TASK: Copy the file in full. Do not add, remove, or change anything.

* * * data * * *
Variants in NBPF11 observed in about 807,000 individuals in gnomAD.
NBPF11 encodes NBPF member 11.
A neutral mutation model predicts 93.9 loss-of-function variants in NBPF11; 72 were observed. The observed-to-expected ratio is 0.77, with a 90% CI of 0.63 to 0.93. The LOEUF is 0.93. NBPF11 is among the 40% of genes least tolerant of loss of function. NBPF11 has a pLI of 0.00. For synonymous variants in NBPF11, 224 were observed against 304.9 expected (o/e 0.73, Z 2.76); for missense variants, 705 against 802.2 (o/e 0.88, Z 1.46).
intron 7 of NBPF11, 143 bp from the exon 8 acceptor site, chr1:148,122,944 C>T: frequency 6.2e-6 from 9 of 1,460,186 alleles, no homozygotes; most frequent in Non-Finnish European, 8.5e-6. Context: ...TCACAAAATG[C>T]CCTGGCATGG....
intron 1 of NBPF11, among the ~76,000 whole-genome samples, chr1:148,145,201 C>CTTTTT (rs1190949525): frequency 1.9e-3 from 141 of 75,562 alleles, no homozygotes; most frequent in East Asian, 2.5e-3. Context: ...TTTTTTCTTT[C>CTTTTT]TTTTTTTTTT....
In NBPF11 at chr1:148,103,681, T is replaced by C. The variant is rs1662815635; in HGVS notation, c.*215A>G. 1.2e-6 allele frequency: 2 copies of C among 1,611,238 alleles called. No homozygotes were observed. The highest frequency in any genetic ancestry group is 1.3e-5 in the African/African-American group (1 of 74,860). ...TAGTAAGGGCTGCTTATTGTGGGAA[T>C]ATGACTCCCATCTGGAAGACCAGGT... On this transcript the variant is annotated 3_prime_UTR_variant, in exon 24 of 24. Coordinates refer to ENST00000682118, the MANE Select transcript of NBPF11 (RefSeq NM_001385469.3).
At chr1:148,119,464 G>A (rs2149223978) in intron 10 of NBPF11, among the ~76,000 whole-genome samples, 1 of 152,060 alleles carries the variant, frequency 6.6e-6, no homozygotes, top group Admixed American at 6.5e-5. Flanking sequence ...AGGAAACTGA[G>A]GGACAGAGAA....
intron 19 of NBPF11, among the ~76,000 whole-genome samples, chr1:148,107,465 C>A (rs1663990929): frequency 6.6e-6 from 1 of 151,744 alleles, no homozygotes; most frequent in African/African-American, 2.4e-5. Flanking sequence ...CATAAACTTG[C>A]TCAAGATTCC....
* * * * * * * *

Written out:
Variants in NBPF11 observed in about 807,000 individuals in gnomAD.
NBPF11 encodes NBPF member 11.
A neutral mutation model predicts 93.9 loss-of-function variants in NBPF11; 72 were observed. The observed-to-expected ratio is 0.77, with a 90% CI of 0.63 to 0.93. The LOEUF is 0.93. NBPF11 is among the 40% of genes least tolerant of loss of function. NBPF11 has a pLI of 0.00. For synonymous variants in NBPF11, 224 were observed against 304.9 expected (o/e 0.73, Z 2.76); for missense variants, 705 against 802.2 (o/e 0.88, Z 1.46).
intron 7 of NBPF11, 143 bp from the exon 8 acceptor site, chr1:148,122,944 C>T: frequency 6.2e-6 from 9 of 1,460,186 alleles, no homozygotes; most frequent in Non-Finnish European, 8.5e-6. Context: ...TCACAAAATG[C>T]CCTGGCATGG....
intron 1 of NBPF11, among the ~76,000 whole-genome samples, chr1:148,145,201 C>CTTTTT (rs1190949525): frequency 1.9e-3 from 141 of 75,562 alleles, no homozygotes; most frequent in East Asian, 2.5e-3. Context: ...TTTTTTCTTT[C>CTTTTT]TTTTTTTTTT....
In NBPF11 at chr1:148,103,681, T is replaced by C. The variant is rs1662815635; in HGVS notation, c.*215A>G. 1.2e-6 allele frequency: 2 copies of C among 1,611,238 alleles called. No homozygotes were observed. The highest frequency in any genetic ancestry group is 1.3e-5 in the African/African-American group (1 of 74,860). ...TAGTAAGGGCTGCTTATTGTGGGAA[T>C]ATGACTCCCATCTGGAAGACCAGGT... On this transcript the variant is annotated 3_prime_UTR_variant, in exon 24 of 24. Coordinates refer to ENST00000682118, the MANE Select transcript of NBPF11 (RefSeq NM_001385469.3).
At chr1:148,119,464 G>A (rs2149223978) in intron 10 of NBPF11, among the ~76,000 whole-genome samples, 1 of 152,060 alleles carries the variant, frequency 6.6e-6, no homozygotes, top group Admixed American at 6.5e-5. Flanking sequence ...AGGAAACTGA[G>A]GGACAGAGAA....
intron 19 of NBPF11, among the ~76,000 whole-genome samples, chr1:148,107,465 C>A (rs1663990929): frequency 6.6e-6 from 1 of 151,744 alleles, no homozygotes; most frequent in African/African-American, 2.4e-5. Flanking sequence ...CATAAACTTG[C>A]TCAAGATTCC....